Bank of England deputy governor Ben Broadbent spoke earlier this week about the history and future of QE, but offered no clues as to the outcome of the MPC policy meeting next week. Most investors are expecting an increase to 0.75%, but these issues are never certain. Brexit Minister Dominic Raab conceded in a parliamentary committee that PM May is leading the negotiations; investors took this as a sign that a softer Brexit would be more likely. It seems that despite the stories of food stockpiling and other concerns, investors do not subscribe to the no-deal outcome. Their assumption continues to be that Britain will maintain a close economic relationship with Europe after it leaves the EU.
The European Central Bank made the widely anticipated decision to maintain the current interest rates and has also stuck its plan of ending bond purchases by the end of the year. The provisional purchasing managers’ index readings held few surprises; French manufacturing beat forecast at 53.1, services missed at 55.3. Most of the figures across Euroland fell slightlyshort of forecast with the exception of the German number, which was fractionally ahead. A meeting between US President Trump and Jean-Claude Juncker lead to an agreement that the US and the EU will refrain from imposing new tariffs and Europe will buy some of America’s subsidised soya beans.In the longer run, the aim is to work towards a mutual lowering of tariffs on industrial goods – though not on cars. As for whom would best be served by the agreement, investors leaned towards the EU: the euro strengthened by half a cent.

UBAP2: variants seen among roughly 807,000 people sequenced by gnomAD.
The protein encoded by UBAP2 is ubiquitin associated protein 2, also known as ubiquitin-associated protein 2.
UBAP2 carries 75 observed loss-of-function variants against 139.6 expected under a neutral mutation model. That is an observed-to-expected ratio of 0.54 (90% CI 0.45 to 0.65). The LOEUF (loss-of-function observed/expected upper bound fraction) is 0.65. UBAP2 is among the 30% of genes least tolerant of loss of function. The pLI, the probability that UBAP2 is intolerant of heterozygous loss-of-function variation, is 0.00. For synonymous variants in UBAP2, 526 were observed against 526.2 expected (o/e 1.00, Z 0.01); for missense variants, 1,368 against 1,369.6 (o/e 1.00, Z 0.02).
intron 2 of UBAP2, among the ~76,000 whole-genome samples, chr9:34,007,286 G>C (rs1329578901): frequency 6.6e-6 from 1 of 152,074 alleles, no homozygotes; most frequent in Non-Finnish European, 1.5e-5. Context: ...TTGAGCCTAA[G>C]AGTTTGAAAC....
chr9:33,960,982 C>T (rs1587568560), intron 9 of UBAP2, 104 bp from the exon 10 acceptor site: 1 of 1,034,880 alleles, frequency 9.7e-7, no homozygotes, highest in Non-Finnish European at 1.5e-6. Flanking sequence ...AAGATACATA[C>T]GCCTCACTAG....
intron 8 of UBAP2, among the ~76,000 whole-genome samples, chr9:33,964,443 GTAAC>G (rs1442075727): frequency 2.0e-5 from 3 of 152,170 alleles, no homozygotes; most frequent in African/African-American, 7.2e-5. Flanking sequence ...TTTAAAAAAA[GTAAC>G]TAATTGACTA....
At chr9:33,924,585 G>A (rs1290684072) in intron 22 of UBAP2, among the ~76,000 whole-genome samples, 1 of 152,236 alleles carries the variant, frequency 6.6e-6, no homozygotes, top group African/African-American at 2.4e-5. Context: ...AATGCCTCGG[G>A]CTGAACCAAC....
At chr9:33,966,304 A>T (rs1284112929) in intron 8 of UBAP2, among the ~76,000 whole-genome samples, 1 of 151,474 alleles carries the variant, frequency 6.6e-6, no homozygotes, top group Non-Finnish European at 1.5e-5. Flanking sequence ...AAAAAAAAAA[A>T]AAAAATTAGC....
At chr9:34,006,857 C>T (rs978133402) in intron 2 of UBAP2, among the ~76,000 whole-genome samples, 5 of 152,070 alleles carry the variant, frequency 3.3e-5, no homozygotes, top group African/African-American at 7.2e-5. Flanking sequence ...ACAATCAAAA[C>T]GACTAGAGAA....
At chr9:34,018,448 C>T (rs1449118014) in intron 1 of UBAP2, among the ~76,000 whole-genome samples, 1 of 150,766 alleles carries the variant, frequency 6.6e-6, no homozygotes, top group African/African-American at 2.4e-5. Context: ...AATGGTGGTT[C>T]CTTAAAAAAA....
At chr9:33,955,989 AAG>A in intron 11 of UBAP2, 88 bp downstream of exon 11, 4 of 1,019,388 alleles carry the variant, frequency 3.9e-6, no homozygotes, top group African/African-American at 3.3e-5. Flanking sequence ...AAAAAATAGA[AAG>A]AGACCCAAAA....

The US dollar fell nearly half a cent early in the week after Donald Trump expressed dissatisfaction with Federal Reserve monetary policy. He told an interviewer that he was “not thrilled” by rising interest rates. The Fed were concerned that the president was attempting to influence policy-making. Trump’s interference might not be as egregious as that of Turkish president Erdogan, yet it was effective: the dollar lost a net two thirds of a cent on Thursday and Friday just as the president might have wanted. The provisional purchasing managers’ index reading came in slightly short of forecast. The big news this week was the announcement of a $12bn support programme for farmers affected by the repercussions of the Trump trade war. The move suggested that the president was digging in for a protracted battle. However, the outcome of the meeting with the EU suggested perhaps it will not be a war fought on all fronts as there seemed to be some agreement to cease the creation of further tariffs.
Australian inflation came in slightly below forecast at 2.1%, with the Reserve Bank of Australia’s bellwether “trimmed mean” on target at 1.9%. New Zealand’s trade figures for June showed an unexpected deficit as exports declined and imports held steady.There was little reaction to the NZ deficit but the Aussie dropped half a cent on the inflation news: investors had evidently been hoping for higher numbers.